Nov. 15, 2012
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Emergency preparedness requires coordination of diverse entities at the local, regional and national levels. Community-based coalitions are intended to foster local preparedness and minimize the need for federal intervention, according to the study funded by the U.S. Centers for Disease Control and Prevention.
Given the diversity of stakeholders, fragmentation of local health care systems and limited resources, developing and sustaining broad community coalitions focused on emergency preparedness is difficult, the study found.
“Health care providers’ focus on emergency-preparedness activities waxes and wanes, reflecting the many pressures and competing demands they face. While maintaining normal operations, they must prepare for low-probability, high-impact events that can sharply increase demand for care and stress capacity to the breaking point,” said HSC Senior Researcher Emily Carrier, M.D., M.C.S.I., coauthor of the study with HSC Researcher Tracy Yee, Ph.D.; Dori Cross, HSC research assistant; and Divya Samuel, former HSC research assistant.
Using the lens of the 2009 H1N1 influenza pandemic, the study examined emergency-preparedness coalitions in 10 U.S. communities: Boston; Chicago; Greenville, S.C.; Indianapolis, Miami; New York City; Phoenix; Orange County, Calif.; Seattle; and Syracuse, N.Y.; and included rural communities adjacent to the Greenville, Phoenix and Seattle markets. Researchers conducted 67 telephone interviews between June 2011 and May 2012 with representatives of state and local emergency management agencies and health departments, emergency-preparedness coalitions, hospital emergency-preparedness departments, primary care practices and other organizations.
The study findings are detailed in a new HSC Research BriefEmergency Preparedness and Community Coalitions: Opportunities and Challengesavailable online here. Key findings include:
The study identified two general approaches that policy makers could consider to broaden participation in emergency-preparedness coalitions: providing incentives for more stakeholders to join existing preparedness coalitions or building preparedness into activities providers already are pursuing.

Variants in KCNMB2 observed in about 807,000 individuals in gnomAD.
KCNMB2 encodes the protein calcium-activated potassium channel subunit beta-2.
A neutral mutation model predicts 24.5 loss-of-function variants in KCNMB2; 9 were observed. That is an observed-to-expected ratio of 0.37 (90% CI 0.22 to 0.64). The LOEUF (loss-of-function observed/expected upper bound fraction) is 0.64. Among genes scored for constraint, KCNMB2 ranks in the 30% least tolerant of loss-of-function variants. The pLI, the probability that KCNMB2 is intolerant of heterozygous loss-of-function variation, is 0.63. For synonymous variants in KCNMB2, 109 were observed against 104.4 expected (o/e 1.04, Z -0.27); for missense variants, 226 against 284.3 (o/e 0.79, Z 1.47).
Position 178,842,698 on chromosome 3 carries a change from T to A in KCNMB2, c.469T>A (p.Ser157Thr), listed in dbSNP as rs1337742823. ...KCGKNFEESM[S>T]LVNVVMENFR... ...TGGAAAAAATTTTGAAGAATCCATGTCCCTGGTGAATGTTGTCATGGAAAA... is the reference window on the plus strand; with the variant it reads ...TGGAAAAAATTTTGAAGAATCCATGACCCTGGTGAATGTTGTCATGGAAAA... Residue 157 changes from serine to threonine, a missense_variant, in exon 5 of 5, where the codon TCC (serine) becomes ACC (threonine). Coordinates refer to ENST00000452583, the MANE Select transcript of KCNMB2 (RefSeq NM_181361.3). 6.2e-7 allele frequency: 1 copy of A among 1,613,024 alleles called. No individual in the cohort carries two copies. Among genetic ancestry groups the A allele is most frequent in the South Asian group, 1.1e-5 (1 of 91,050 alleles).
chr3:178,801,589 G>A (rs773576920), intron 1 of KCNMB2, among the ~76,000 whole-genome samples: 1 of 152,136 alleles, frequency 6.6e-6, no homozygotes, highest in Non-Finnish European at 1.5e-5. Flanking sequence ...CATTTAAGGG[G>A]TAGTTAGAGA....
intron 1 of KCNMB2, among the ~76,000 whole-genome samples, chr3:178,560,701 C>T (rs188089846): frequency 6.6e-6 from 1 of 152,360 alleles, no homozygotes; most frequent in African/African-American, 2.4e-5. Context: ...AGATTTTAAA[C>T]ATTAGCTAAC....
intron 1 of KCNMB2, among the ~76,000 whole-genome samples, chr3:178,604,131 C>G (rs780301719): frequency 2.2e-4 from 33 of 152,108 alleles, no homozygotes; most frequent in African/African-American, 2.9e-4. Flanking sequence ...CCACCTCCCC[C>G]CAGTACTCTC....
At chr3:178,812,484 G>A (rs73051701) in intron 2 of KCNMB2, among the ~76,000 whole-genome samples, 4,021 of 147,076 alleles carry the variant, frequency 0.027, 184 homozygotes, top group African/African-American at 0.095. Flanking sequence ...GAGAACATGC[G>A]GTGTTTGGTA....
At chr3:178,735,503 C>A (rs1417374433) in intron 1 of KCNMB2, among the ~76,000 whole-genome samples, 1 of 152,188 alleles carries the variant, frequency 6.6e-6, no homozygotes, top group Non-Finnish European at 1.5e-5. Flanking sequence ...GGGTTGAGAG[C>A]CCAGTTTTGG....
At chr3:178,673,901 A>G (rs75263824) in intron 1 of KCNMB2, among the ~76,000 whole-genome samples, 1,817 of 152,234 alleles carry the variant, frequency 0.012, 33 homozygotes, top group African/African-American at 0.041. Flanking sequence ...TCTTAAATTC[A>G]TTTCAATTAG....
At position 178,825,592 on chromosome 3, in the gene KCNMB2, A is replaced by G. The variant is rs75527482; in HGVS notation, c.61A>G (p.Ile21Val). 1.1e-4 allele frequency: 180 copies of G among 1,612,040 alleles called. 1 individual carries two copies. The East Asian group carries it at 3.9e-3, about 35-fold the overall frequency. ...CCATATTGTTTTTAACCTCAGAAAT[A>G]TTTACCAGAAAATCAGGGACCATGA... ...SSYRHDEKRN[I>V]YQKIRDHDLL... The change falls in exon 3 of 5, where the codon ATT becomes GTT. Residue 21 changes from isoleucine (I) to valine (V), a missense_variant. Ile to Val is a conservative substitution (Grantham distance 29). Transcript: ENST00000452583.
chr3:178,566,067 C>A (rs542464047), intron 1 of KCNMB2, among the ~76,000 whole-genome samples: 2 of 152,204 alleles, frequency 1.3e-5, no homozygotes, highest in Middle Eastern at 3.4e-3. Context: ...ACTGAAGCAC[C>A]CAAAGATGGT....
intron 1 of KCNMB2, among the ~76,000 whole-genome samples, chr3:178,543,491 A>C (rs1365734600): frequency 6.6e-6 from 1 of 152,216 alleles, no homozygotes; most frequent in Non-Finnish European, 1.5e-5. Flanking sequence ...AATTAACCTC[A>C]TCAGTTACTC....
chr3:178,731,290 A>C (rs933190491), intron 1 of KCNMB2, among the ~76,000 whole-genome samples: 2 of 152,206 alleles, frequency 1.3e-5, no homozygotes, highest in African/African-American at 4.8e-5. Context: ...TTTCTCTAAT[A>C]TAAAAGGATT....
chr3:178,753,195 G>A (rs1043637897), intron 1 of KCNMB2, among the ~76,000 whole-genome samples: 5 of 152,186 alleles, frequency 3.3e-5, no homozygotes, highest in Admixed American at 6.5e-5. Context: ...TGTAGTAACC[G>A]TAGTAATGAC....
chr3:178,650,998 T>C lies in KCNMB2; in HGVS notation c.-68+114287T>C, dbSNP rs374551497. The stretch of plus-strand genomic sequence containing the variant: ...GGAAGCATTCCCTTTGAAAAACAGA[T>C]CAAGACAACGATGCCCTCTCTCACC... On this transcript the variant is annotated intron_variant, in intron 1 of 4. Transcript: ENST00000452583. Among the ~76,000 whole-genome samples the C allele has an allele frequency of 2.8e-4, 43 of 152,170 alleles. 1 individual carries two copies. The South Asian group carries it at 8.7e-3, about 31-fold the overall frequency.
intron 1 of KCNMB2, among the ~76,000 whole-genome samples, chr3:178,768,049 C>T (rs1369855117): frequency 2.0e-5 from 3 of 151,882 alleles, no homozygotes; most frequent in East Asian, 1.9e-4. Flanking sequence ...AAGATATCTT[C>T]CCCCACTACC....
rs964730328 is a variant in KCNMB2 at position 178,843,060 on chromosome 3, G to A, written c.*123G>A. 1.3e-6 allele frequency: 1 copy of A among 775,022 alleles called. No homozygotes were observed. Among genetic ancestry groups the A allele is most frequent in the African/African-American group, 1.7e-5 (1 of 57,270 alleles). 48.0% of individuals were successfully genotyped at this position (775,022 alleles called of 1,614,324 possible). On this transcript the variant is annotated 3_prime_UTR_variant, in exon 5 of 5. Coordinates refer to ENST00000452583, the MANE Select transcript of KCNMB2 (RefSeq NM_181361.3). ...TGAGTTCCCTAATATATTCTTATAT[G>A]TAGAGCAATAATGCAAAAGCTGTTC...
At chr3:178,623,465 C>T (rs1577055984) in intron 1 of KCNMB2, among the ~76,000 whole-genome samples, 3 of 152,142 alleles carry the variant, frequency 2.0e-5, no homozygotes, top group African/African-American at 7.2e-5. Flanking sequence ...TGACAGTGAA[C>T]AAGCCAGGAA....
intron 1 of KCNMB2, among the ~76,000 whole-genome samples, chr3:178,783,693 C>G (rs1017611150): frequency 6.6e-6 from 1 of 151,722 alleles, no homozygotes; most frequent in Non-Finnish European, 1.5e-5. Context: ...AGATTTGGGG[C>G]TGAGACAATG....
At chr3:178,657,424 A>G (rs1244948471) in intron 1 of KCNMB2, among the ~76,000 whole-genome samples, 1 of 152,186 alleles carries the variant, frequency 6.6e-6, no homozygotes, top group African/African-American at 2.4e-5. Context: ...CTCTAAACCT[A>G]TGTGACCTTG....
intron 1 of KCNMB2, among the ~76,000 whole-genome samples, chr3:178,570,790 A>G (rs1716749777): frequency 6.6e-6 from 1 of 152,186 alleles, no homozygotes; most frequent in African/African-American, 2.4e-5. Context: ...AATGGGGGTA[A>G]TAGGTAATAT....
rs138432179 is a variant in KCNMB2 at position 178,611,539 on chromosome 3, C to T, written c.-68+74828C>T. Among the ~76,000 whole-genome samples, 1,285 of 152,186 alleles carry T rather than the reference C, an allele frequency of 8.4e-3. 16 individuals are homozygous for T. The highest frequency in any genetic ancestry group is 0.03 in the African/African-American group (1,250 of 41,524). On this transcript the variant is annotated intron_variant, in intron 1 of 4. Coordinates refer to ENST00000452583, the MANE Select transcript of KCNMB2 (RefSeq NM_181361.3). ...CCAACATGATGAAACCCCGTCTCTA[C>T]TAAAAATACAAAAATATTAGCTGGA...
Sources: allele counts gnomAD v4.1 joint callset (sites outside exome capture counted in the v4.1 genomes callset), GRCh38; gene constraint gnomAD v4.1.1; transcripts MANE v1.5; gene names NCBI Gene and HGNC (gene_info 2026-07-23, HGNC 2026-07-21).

One approach could be to provide funding aimed directly at supporting independent physicians’ and other underrepresented stakeholders’ participation. However, lack of fundingwhile an important problemis not the only barrier to these groups’ involvement. Lack of time, training and sometimes simply awareness that they have a role in disaster response also are important factors.
Another option would be to incorporate preparedness activities into existing incentive programs aimed at underrepresented stakeholders. For example, programs that offer extra payment to primary care practices to coordinate care of patients with specific chronic conditions might also encourage and reward coordination related to emergency preparedness or the creation of business continuity plans. Likewise, hospital efforts to work with physician practices and long-term care facilities to prevent avoidable readmissions might incorporate joint preparedness activities.
The Center for Studying Health System Change is a nonpartisan policy research organization committed to providing objective and timely research on the nations changing health system to help inform policy makers and contribute to better health care policy. HSC, based in Washington, D.C., is affiliated with Mathematica Policy Research.